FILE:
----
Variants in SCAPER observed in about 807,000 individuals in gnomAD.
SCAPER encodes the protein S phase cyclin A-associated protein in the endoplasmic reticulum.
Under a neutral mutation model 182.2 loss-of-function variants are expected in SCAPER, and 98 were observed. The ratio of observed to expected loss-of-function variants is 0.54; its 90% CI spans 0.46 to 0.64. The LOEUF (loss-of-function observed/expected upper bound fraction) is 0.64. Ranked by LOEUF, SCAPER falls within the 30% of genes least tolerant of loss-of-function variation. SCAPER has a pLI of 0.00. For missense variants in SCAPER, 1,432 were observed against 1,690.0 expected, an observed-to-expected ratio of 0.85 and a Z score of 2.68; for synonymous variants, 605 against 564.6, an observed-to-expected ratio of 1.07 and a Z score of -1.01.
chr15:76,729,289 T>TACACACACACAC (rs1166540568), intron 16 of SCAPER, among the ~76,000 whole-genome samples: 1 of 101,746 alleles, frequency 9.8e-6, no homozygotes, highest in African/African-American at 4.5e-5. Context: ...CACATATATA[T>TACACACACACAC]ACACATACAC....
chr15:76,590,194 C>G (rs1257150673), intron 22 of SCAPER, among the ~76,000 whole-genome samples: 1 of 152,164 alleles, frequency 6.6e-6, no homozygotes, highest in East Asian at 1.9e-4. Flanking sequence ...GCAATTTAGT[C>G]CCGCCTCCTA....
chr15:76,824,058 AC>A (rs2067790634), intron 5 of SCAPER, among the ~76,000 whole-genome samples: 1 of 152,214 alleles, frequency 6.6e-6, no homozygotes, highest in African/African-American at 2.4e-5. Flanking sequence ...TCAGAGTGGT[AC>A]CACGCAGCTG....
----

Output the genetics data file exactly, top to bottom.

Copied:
Variants in SCAPER observed in about 807,000 individuals in gnomAD.
SCAPER encodes the protein S phase cyclin A-associated protein in the endoplasmic reticulum.
Under a neutral mutation model 182.2 loss-of-function variants are expected in SCAPER, and 98 were observed. The ratio of observed to expected loss-of-function variants is 0.54; its 90% CI spans 0.46 to 0.64. The LOEUF (loss-of-function observed/expected upper bound fraction) is 0.64. Ranked by LOEUF, SCAPER falls within the 30% of genes least tolerant of loss-of-function variation. SCAPER has a pLI of 0.00. For missense variants in SCAPER, 1,432 were observed against 1,690.0 expected, an observed-to-expected ratio of 0.85 and a Z score of 2.68; for synonymous variants, 605 against 564.6, an observed-to-expected ratio of 1.07 and a Z score of -1.01.
chr15:76,729,289 T>TACACACACACAC (rs1166540568), intron 16 of SCAPER, among the ~76,000 whole-genome samples: 1 of 101,746 alleles, frequency 9.8e-6, no homozygotes, highest in African/African-American at 4.5e-5. Context: ...CACATATATA[T>TACACACACACAC]ACACATACAC....
chr15:76,590,194 C>G (rs1257150673), intron 22 of SCAPER, among the ~76,000 whole-genome samples: 1 of 152,164 alleles, frequency 6.6e-6, no homozygotes, highest in East Asian at 1.9e-4. Flanking sequence ...GCAATTTAGT[C>G]CCGCCTCCTA....
chr15:76,824,058 AC>A (rs2067790634), intron 5 of SCAPER, among the ~76,000 whole-genome samples: 1 of 152,214 alleles, frequency 6.6e-6, no homozygotes, highest in African/African-American at 2.4e-5. Flanking sequence ...TCAGAGTGGT[AC>A]CACGCAGCTG....